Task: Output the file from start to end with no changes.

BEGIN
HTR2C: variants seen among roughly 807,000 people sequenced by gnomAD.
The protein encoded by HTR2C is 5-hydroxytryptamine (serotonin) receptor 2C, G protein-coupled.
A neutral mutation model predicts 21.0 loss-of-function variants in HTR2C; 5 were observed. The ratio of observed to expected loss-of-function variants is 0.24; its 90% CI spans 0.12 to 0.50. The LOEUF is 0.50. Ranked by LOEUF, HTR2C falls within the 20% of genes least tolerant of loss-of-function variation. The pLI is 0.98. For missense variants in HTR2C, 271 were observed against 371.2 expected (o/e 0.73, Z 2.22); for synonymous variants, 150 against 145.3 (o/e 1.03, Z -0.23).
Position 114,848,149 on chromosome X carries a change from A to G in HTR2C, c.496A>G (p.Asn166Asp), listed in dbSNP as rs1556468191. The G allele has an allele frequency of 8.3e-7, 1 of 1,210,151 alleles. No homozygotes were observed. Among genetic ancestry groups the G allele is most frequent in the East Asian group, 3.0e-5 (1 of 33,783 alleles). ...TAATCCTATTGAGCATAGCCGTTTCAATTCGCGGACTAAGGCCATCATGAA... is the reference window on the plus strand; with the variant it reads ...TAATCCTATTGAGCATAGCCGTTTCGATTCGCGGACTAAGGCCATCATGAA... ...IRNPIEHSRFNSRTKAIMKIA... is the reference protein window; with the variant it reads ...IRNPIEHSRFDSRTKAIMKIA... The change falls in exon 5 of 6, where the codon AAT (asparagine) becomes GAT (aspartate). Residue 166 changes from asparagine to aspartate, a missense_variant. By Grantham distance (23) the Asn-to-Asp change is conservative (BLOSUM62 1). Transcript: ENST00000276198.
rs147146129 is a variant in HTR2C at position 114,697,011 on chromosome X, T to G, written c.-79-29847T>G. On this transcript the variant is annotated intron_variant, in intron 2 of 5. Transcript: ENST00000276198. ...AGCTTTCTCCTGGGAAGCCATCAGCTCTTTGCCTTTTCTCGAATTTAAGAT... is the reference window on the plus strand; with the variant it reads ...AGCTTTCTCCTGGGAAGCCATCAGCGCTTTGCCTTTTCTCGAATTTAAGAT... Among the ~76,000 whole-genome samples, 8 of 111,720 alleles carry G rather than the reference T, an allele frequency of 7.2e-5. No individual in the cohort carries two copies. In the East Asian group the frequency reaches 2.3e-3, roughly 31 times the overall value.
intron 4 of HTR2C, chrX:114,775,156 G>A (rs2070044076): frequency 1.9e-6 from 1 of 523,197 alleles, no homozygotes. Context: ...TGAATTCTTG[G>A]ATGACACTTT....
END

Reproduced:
HTR2C: variants seen among roughly 807,000 people sequenced by gnomAD.
The protein encoded by HTR2C is 5-hydroxytryptamine (serotonin) receptor 2C, G protein-coupled.
A neutral mutation model predicts 21.0 loss-of-function variants in HTR2C; 5 were observed. The ratio of observed to expected loss-of-function variants is 0.24; its 90% CI spans 0.12 to 0.50. The LOEUF is 0.50. Ranked by LOEUF, HTR2C falls within the 20% of genes least tolerant of loss-of-function variation. The pLI is 0.98. For missense variants in HTR2C, 271 were observed against 371.2 expected (o/e 0.73, Z 2.22); for synonymous variants, 150 against 145.3 (o/e 1.03, Z -0.23).
Position 114,848,149 on chromosome X carries a change from A to G in HTR2C, c.496A>G (p.Asn166Asp), listed in dbSNP as rs1556468191. The G allele has an allele frequency of 8.3e-7, 1 of 1,210,151 alleles. No homozygotes were observed. Among genetic ancestry groups the G allele is most frequent in the East Asian group, 3.0e-5 (1 of 33,783 alleles). ...TAATCCTATTGAGCATAGCCGTTTCAATTCGCGGACTAAGGCCATCATGAA... is the reference window on the plus strand; with the variant it reads ...TAATCCTATTGAGCATAGCCGTTTCGATTCGCGGACTAAGGCCATCATGAA... ...IRNPIEHSRFNSRTKAIMKIA... is the reference protein window; with the variant it reads ...IRNPIEHSRFDSRTKAIMKIA... The change falls in exon 5 of 6, where the codon AAT (asparagine) becomes GAT (aspartate). Residue 166 changes from asparagine to aspartate, a missense_variant. By Grantham distance (23) the Asn-to-Asp change is conservative (BLOSUM62 1). Transcript: ENST00000276198.
rs147146129 is a variant in HTR2C at position 114,697,011 on chromosome X, T to G, written c.-79-29847T>G. On this transcript the variant is annotated intron_variant, in intron 2 of 5. Transcript: ENST00000276198. ...AGCTTTCTCCTGGGAAGCCATCAGCTCTTTGCCTTTTCTCGAATTTAAGAT... is the reference window on the plus strand; with the variant it reads ...AGCTTTCTCCTGGGAAGCCATCAGCGCTTTGCCTTTTCTCGAATTTAAGAT... Among the ~76,000 whole-genome samples, 8 of 111,720 alleles carry G rather than the reference T, an allele frequency of 7.2e-5. No individual in the cohort carries two copies. In the East Asian group the frequency reaches 2.3e-3, roughly 31 times the overall value.
intron 4 of HTR2C, chrX:114,775,156 G>A (rs2070044076): frequency 1.9e-6 from 1 of 523,197 alleles, no homozygotes. Context: ...TGAATTCTTG[G>A]ATGACACTTT....